In an emergency situation, who are you gonna call? The Ghostbusters? Ninja Cat? Jimmy Saville? Whoever it is, just make sure that it isn't Raymond Bryce, star of Disaster: Day Of Crisis. It isn't that he's no good in a crisis (on the contrary, as a former International Team Rescue member, you'd be hard pushed to find someone better), it's just that, well, he's the unluckiest person this side of the Beano's Calamity James.
From the opening scene (where he comically sets himself on fire) to the very end of the 23rd and final stage, trouble is never further than an opened door away from Mr Reverse-Midas. Earthquakes, firestorms, tsunamis, angry bears, an entire army of rogue special operatives... they all nip at Ray's heels like an angry ant colony. You'll continue to invite his wretched luck into your home, however, because his continued misfortune makes for one hell of an entertaining ride.
Yet really, it shouldn't be entertaining at all, because Disaster: Day Of Crisis is entirely comprised of a never-ending carousel of largely duff minigames. So scattershot is the game's output, in fact, that it's actually kind of hard to pin down exactly what it is you spend most of your time doing, although the lightgun shooting sections are probably the most ubiquitous of the gameplay styles. As in Time Crisis, these sections allow you to shield yourself from bullets by tapping the Z button to duck under cover, but rather less Time Crisis-y is the game's decision not to restrict these sections to a time limit.
This can give these sections a rather attritional feel, but it recovers an element of suspense through its clever risk versus reward system (you can zoom in on the action to deliver double damage on an enemy, but any shots you incur during this time will also count for double).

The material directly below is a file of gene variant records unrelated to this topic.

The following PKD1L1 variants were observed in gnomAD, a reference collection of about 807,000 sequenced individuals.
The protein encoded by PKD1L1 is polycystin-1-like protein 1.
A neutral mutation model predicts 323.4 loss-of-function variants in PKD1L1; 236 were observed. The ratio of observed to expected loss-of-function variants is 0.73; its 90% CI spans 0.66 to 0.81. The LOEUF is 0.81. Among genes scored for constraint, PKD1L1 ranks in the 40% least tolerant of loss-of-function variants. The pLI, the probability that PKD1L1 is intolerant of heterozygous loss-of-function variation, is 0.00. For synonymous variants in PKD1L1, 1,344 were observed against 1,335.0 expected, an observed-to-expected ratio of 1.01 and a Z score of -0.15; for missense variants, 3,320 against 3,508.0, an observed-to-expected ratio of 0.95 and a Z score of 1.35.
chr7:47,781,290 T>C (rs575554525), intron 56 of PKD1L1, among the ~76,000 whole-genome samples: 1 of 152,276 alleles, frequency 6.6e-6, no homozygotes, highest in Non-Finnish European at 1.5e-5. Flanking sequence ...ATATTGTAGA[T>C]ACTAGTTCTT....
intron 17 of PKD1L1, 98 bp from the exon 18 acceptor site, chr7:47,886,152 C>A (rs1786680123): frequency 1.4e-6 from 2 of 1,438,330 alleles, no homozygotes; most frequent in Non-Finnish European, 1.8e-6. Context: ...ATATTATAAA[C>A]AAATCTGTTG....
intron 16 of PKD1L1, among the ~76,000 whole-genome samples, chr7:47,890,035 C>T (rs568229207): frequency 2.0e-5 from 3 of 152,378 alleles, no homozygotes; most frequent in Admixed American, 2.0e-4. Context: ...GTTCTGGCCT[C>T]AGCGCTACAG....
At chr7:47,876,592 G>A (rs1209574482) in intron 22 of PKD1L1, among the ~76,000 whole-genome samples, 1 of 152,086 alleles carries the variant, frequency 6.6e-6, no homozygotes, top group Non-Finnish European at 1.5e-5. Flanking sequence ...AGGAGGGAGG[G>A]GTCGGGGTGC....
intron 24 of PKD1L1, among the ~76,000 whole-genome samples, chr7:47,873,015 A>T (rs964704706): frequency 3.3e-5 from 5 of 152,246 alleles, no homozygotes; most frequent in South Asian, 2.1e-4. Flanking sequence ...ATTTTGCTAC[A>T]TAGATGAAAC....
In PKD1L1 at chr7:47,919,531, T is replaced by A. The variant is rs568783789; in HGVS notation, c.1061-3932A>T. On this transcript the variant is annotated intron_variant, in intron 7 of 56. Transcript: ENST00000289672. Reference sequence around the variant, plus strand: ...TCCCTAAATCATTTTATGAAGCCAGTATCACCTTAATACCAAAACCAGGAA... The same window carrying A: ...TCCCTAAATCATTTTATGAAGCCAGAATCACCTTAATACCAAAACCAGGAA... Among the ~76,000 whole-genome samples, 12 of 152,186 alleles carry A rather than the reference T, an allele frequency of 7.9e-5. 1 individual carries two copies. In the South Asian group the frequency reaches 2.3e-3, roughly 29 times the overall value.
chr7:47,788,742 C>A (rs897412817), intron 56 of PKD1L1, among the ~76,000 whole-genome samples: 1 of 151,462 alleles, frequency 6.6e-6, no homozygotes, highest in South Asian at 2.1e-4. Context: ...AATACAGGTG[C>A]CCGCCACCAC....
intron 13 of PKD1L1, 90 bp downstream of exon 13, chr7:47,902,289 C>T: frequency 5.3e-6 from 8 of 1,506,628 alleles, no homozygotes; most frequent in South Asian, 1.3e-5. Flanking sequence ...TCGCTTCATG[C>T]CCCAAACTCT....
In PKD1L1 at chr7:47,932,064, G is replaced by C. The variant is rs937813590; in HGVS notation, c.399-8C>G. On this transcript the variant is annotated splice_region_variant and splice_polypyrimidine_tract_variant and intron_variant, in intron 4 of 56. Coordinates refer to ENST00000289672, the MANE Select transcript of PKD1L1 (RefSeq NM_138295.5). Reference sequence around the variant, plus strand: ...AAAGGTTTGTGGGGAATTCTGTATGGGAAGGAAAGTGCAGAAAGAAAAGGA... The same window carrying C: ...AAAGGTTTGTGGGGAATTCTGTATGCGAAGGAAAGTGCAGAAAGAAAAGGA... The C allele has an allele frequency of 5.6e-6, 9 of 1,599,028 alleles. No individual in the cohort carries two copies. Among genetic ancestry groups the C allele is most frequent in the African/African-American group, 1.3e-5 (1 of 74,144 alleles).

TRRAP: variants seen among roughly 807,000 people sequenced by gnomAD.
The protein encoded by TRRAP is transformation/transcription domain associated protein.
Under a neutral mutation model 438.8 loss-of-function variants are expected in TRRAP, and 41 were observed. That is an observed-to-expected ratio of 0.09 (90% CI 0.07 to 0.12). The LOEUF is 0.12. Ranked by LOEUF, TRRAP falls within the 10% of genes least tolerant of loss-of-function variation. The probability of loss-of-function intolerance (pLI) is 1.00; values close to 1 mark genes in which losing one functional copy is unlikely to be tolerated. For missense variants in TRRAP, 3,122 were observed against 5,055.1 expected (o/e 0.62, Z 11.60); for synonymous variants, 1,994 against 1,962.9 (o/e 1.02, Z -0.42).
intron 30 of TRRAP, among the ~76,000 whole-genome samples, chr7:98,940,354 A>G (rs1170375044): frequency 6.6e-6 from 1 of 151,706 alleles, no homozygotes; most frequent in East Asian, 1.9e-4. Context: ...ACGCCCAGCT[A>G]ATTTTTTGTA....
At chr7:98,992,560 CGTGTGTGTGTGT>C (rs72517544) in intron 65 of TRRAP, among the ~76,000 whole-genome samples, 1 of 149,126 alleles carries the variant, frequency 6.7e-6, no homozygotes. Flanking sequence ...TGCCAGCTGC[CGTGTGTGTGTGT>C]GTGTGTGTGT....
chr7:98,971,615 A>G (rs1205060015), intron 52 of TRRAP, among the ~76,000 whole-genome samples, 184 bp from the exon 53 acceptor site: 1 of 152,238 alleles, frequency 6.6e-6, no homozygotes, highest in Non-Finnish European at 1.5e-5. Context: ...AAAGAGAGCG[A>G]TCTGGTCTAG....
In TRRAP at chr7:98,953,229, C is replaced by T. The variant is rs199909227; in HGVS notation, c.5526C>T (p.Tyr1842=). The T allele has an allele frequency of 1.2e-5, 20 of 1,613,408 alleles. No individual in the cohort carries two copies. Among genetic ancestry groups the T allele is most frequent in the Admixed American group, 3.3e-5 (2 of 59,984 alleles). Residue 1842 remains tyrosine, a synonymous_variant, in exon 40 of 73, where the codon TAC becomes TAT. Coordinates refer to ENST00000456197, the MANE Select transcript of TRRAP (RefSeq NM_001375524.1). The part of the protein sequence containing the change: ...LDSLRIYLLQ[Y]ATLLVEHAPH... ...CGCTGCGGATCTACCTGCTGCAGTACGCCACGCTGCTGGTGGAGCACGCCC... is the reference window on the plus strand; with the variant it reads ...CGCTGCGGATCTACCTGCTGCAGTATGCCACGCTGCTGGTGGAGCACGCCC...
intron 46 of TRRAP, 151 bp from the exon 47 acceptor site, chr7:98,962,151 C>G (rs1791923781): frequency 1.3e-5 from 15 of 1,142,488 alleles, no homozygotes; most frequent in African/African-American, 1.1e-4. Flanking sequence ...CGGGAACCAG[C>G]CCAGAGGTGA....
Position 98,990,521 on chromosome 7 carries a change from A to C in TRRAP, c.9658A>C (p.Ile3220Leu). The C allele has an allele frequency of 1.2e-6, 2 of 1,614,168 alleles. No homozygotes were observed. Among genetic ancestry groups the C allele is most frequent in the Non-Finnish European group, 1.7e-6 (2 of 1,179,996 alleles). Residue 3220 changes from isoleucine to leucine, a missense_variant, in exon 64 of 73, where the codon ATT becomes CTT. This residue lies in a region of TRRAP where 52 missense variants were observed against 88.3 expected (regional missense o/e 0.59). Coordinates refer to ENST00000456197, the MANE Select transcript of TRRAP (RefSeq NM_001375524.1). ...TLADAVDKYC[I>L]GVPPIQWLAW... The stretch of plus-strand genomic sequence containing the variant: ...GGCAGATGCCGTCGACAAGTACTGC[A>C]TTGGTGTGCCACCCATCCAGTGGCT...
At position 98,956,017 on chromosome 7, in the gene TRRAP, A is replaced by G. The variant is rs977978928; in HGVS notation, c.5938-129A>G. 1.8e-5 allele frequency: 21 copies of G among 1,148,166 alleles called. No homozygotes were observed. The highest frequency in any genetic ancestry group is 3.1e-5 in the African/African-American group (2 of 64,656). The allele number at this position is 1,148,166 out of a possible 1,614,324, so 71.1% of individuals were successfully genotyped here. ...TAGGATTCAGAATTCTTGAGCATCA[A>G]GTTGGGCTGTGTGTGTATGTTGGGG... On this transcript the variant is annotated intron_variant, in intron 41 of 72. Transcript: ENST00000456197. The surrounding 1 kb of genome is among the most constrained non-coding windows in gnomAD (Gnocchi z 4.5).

But quite a lot of the time, Disaster: Day Of Crisis decides that it's actually a platform game. These sections usually take place during or immediately after a natural (or not so natural) disaster, with Ray searching for straggling survivors in peril. Once you've located and successfully reached a survivor (and sometimes reaching them is half the battle, such is the devastation that has been wreaked upon the environment), your next step is to break open your big bag of motion gestures.
Some survivors need to be resuscitated (use the remote as a plunger), while others need to be washed and bandaged. Others are trapped under six tonnes of rock, or are dangling off cliff edges. Tapping buttons rapidly and waving the remote around wildly are the two recurring themes that'll help you haul these hapless losers to safety. Doing so will dish out 'Survival Points', which can be traded in at the Chapter interlude screen for speed, strength and firearm upgrades.
These two elements comprise the majority of Disaster: Identity Crisis, but there are also sections where you have to dash away from danger by furiously shaking the controllers (think the 100m sprint in Mario & Sonic) and some twitchy but curiously frantic driving sections, amongst others.
None of the gameplay styles are anything special, so why, then, is the game so oddly compulsive? Well, much of it is down to the fact that none of the sub-sections outstay their welcome, particularly as checkpoints are distributed regularly and logically. Then, of course, there's the fact that it's such an interesting game world to be in - although the 'quake tremors and tsunami-formed rivers are controlled by set pieces, it all feels far more organic than it actually is.
But the crowning glory is the fantastically na´ve script, which attempts to ape gritty American cinema with its excessive use of swears. In attempting this, it succeeds only in being the most quintessentially Japanese thing that has ever been put to disc.
The whole package ends up giving Disaster: Day Of Crisis a wondrous summer action movie vibe, and while it's not the best game ever made by some distance, it has no such delusions of grandeur. The end result is just a game of simple, silly fun for the Vin Diesel generation.